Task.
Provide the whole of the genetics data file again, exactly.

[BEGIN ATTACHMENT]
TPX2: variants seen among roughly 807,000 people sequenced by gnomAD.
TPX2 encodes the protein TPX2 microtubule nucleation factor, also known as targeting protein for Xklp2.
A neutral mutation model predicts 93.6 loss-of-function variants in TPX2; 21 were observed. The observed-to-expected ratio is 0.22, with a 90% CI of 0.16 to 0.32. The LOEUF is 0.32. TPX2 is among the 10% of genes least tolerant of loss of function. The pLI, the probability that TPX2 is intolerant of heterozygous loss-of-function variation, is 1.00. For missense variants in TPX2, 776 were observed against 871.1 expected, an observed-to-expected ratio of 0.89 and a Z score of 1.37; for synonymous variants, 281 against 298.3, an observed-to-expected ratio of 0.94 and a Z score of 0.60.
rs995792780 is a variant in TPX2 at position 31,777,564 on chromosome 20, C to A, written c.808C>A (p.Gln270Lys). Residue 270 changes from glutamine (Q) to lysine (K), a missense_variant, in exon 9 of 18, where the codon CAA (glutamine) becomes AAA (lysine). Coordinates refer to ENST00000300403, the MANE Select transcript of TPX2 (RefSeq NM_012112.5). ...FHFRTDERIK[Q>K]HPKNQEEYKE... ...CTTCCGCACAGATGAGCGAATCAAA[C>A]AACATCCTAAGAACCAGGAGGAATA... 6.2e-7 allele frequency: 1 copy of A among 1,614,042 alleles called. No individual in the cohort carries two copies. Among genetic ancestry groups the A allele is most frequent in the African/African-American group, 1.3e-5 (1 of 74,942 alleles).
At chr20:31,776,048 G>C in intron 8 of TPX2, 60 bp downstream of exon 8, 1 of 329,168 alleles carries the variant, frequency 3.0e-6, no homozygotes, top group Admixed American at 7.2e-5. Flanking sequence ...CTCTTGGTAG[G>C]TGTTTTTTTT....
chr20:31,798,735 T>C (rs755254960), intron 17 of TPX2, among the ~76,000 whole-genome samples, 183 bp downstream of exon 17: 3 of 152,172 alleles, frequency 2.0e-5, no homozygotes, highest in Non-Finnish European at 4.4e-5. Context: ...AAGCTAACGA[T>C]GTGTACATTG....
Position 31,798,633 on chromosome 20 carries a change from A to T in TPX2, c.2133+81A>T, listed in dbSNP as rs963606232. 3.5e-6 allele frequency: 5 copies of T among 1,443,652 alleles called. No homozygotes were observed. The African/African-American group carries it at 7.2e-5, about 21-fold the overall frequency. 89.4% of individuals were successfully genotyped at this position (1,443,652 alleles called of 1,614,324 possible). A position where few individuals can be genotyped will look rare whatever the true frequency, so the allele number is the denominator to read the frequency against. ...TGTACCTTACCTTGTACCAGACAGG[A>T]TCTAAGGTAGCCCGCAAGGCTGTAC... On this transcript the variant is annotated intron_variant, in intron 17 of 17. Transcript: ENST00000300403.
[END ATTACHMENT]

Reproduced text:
TPX2: variants seen among roughly 807,000 people sequenced by gnomAD.
TPX2 encodes the protein TPX2 microtubule nucleation factor, also known as targeting protein for Xklp2.
A neutral mutation model predicts 93.6 loss-of-function variants in TPX2; 21 were observed. The observed-to-expected ratio is 0.22, with a 90% CI of 0.16 to 0.32. The LOEUF is 0.32. TPX2 is among the 10% of genes least tolerant of loss of function. The pLI, the probability that TPX2 is intolerant of heterozygous loss-of-function variation, is 1.00. For missense variants in TPX2, 776 were observed against 871.1 expected, an observed-to-expected ratio of 0.89 and a Z score of 1.37; for synonymous variants, 281 against 298.3, an observed-to-expected ratio of 0.94 and a Z score of 0.60.
rs995792780 is a variant in TPX2 at position 31,777,564 on chromosome 20, C to A, written c.808C>A (p.Gln270Lys). Residue 270 changes from glutamine (Q) to lysine (K), a missense_variant, in exon 9 of 18, where the codon CAA (glutamine) becomes AAA (lysine). Coordinates refer to ENST00000300403, the MANE Select transcript of TPX2 (RefSeq NM_012112.5). ...FHFRTDERIK[Q>K]HPKNQEEYKE... ...CTTCCGCACAGATGAGCGAATCAAA[C>A]AACATCCTAAGAACCAGGAGGAATA... 6.2e-7 allele frequency: 1 copy of A among 1,614,042 alleles called. No individual in the cohort carries two copies. Among genetic ancestry groups the A allele is most frequent in the African/African-American group, 1.3e-5 (1 of 74,942 alleles).
At chr20:31,776,048 G>C in intron 8 of TPX2, 60 bp downstream of exon 8, 1 of 329,168 alleles carries the variant, frequency 3.0e-6, no homozygotes, top group Admixed American at 7.2e-5. Flanking sequence ...CTCTTGGTAG[G>C]TGTTTTTTTT....
chr20:31,798,735 T>C (rs755254960), intron 17 of TPX2, among the ~76,000 whole-genome samples, 183 bp downstream of exon 17: 3 of 152,172 alleles, frequency 2.0e-5, no homozygotes, highest in Non-Finnish European at 4.4e-5. Context: ...AAGCTAACGA[T>C]GTGTACATTG....
Position 31,798,633 on chromosome 20 carries a change from A to T in TPX2, c.2133+81A>T, listed in dbSNP as rs963606232. 3.5e-6 allele frequency: 5 copies of T among 1,443,652 alleles called. No homozygotes were observed. The African/African-American group carries it at 7.2e-5, about 21-fold the overall frequency. 89.4% of individuals were successfully genotyped at this position (1,443,652 alleles called of 1,614,324 possible). A position where few individuals can be genotyped will look rare whatever the true frequency, so the allele number is the denominator to read the frequency against. ...TGTACCTTACCTTGTACCAGACAGG[A>T]TCTAAGGTAGCCCGCAAGGCTGTAC... On this transcript the variant is annotated intron_variant, in intron 17 of 17. Transcript: ENST00000300403.